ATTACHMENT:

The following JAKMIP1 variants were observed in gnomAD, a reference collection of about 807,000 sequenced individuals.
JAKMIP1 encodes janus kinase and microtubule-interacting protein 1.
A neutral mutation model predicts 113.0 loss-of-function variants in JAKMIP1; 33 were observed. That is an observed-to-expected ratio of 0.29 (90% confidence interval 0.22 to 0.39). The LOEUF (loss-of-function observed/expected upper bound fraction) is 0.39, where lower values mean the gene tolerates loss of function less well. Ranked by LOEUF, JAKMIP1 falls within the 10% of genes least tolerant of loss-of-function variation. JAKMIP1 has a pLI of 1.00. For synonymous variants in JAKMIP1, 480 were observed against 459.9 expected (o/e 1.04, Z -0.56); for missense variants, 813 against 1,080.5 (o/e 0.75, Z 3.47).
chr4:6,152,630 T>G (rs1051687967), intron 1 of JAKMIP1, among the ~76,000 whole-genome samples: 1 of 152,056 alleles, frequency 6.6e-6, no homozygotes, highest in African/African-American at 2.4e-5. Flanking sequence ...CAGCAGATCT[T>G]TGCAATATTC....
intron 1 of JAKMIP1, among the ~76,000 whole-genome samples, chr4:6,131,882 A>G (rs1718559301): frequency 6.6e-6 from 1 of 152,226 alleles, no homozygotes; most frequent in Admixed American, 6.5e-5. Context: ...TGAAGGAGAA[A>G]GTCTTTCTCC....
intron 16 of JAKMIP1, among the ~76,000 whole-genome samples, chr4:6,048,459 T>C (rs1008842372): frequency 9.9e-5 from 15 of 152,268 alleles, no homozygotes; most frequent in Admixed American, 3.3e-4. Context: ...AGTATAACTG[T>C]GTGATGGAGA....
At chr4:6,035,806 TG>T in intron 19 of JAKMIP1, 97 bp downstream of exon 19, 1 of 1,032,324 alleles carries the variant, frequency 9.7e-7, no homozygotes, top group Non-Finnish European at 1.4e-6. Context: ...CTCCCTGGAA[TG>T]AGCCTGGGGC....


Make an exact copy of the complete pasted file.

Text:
The following JAKMIP1 variants were observed in gnomAD, a reference collection of about 807,000 sequenced individuals.
JAKMIP1 encodes janus kinase and microtubule-interacting protein 1.
A neutral mutation model predicts 113.0 loss-of-function variants in JAKMIP1; 33 were observed. That is an observed-to-expected ratio of 0.29 (90% confidence interval 0.22 to 0.39). The LOEUF (loss-of-function observed/expected upper bound fraction) is 0.39, where lower values mean the gene tolerates loss of function less well. Ranked by LOEUF, JAKMIP1 falls within the 10% of genes least tolerant of loss-of-function variation. JAKMIP1 has a pLI of 1.00. For synonymous variants in JAKMIP1, 480 were observed against 459.9 expected (o/e 1.04, Z -0.56); for missense variants, 813 against 1,080.5 (o/e 0.75, Z 3.47).
chr4:6,152,630 T>G (rs1051687967), intron 1 of JAKMIP1, among the ~76,000 whole-genome samples: 1 of 152,056 alleles, frequency 6.6e-6, no homozygotes, highest in African/African-American at 2.4e-5. Flanking sequence ...CAGCAGATCT[T>G]TGCAATATTC....
intron 1 of JAKMIP1, among the ~76,000 whole-genome samples, chr4:6,131,882 A>G (rs1718559301): frequency 6.6e-6 from 1 of 152,226 alleles, no homozygotes; most frequent in Admixed American, 6.5e-5. Context: ...TGAAGGAGAA[A>G]GTCTTTCTCC....
intron 16 of JAKMIP1, among the ~76,000 whole-genome samples, chr4:6,048,459 T>C (rs1008842372): frequency 9.9e-5 from 15 of 152,268 alleles, no homozygotes; most frequent in Admixed American, 3.3e-4. Context: ...AGTATAACTG[T>C]GTGATGGAGA....
At chr4:6,035,806 TG>T in intron 19 of JAKMIP1, 97 bp downstream of exon 19, 1 of 1,032,324 alleles carries the variant, frequency 9.7e-7, no homozygotes, top group Non-Finnish European at 1.4e-6. Context: ...CTCCCTGGAA[TG>T]AGCCTGGGGC....